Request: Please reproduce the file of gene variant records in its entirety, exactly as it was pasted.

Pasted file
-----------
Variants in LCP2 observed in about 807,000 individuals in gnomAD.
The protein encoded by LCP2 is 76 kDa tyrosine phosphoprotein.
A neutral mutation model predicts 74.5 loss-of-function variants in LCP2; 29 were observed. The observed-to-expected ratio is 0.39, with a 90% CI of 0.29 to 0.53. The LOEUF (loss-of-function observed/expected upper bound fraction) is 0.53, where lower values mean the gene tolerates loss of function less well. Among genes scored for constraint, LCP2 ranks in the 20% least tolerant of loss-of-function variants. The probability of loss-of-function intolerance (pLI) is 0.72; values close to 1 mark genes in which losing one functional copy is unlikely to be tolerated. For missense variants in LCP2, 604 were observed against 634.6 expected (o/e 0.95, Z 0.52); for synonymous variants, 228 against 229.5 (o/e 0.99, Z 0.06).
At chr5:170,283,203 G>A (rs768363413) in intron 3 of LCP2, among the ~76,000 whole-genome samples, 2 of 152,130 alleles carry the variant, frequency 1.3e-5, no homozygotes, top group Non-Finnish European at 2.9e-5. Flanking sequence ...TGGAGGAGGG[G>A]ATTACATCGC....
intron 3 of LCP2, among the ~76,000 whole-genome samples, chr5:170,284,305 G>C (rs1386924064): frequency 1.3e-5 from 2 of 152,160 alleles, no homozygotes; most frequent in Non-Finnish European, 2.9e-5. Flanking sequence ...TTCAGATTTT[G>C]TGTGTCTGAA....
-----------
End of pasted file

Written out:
Variants in LCP2 observed in about 807,000 individuals in gnomAD.
The protein encoded by LCP2 is 76 kDa tyrosine phosphoprotein.
A neutral mutation model predicts 74.5 loss-of-function variants in LCP2; 29 were observed. The observed-to-expected ratio is 0.39, with a 90% CI of 0.29 to 0.53. The LOEUF (loss-of-function observed/expected upper bound fraction) is 0.53, where lower values mean the gene tolerates loss of function less well. Among genes scored for constraint, LCP2 ranks in the 20% least tolerant of loss-of-function variants. The probability of loss-of-function intolerance (pLI) is 0.72; values close to 1 mark genes in which losing one functional copy is unlikely to be tolerated. For missense variants in LCP2, 604 were observed against 634.6 expected (o/e 0.95, Z 0.52); for synonymous variants, 228 against 229.5 (o/e 0.99, Z 0.06).
At chr5:170,283,203 G>A (rs768363413) in intron 3 of LCP2, among the ~76,000 whole-genome samples, 2 of 152,130 alleles carry the variant, frequency 1.3e-5, no homozygotes, top group Non-Finnish European at 2.9e-5. Flanking sequence ...TGGAGGAGGG[G>A]ATTACATCGC....
intron 3 of LCP2, among the ~76,000 whole-genome samples, chr5:170,284,305 G>C (rs1386924064): frequency 1.3e-5 from 2 of 152,160 alleles, no homozygotes; most frequent in Non-Finnish European, 2.9e-5. Flanking sequence ...TTCAGATTTT[G>C]TGTGTCTGAA....